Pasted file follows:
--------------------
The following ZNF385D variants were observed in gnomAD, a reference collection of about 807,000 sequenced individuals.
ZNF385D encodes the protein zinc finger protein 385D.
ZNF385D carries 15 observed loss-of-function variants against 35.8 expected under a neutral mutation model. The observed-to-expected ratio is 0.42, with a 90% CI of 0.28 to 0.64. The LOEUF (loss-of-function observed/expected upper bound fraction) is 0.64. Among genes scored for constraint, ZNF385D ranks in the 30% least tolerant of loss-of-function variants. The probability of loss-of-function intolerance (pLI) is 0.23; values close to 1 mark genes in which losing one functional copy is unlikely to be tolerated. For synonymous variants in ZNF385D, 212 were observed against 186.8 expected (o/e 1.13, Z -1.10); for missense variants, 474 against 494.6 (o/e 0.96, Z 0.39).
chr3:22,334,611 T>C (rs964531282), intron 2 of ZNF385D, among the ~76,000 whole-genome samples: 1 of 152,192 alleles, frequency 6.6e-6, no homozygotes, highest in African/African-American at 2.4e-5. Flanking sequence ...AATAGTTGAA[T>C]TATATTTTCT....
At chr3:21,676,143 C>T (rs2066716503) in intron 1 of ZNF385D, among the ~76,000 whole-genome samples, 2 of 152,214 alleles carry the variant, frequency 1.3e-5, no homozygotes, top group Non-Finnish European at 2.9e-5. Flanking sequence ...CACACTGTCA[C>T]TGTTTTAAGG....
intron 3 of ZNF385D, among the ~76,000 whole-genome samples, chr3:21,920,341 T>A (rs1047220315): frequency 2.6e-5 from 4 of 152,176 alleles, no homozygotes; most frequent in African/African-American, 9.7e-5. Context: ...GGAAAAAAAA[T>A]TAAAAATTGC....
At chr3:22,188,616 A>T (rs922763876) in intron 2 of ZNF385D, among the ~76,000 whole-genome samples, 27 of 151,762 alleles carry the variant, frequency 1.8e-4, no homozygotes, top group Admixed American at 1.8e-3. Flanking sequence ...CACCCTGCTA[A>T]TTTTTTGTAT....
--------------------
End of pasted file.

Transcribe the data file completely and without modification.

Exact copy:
The following ZNF385D variants were observed in gnomAD, a reference collection of about 807,000 sequenced individuals.
ZNF385D encodes the protein zinc finger protein 385D.
ZNF385D carries 15 observed loss-of-function variants against 35.8 expected under a neutral mutation model. The observed-to-expected ratio is 0.42, with a 90% CI of 0.28 to 0.64. The LOEUF (loss-of-function observed/expected upper bound fraction) is 0.64. Among genes scored for constraint, ZNF385D ranks in the 30% least tolerant of loss-of-function variants. The probability of loss-of-function intolerance (pLI) is 0.23; values close to 1 mark genes in which losing one functional copy is unlikely to be tolerated. For synonymous variants in ZNF385D, 212 were observed against 186.8 expected (o/e 1.13, Z -1.10); for missense variants, 474 against 494.6 (o/e 0.96, Z 0.39).
chr3:22,334,611 T>C (rs964531282), intron 2 of ZNF385D, among the ~76,000 whole-genome samples: 1 of 152,192 alleles, frequency 6.6e-6, no homozygotes, highest in African/African-American at 2.4e-5. Flanking sequence ...AATAGTTGAA[T>C]TATATTTTCT....
At chr3:21,676,143 C>T (rs2066716503) in intron 1 of ZNF385D, among the ~76,000 whole-genome samples, 2 of 152,214 alleles carry the variant, frequency 1.3e-5, no homozygotes, top group Non-Finnish European at 2.9e-5. Flanking sequence ...CACACTGTCA[C>T]TGTTTTAAGG....
intron 3 of ZNF385D, among the ~76,000 whole-genome samples, chr3:21,920,341 T>A (rs1047220315): frequency 2.6e-5 from 4 of 152,176 alleles, no homozygotes; most frequent in African/African-American, 9.7e-5. Context: ...GGAAAAAAAA[T>A]TAAAAATTGC....
At chr3:22,188,616 A>T (rs922763876) in intron 2 of ZNF385D, among the ~76,000 whole-genome samples, 27 of 151,762 alleles carry the variant, frequency 1.8e-4, no homozygotes, top group Admixed American at 1.8e-3. Flanking sequence ...CACCCTGCTA[A>T]TTTTTTGTAT....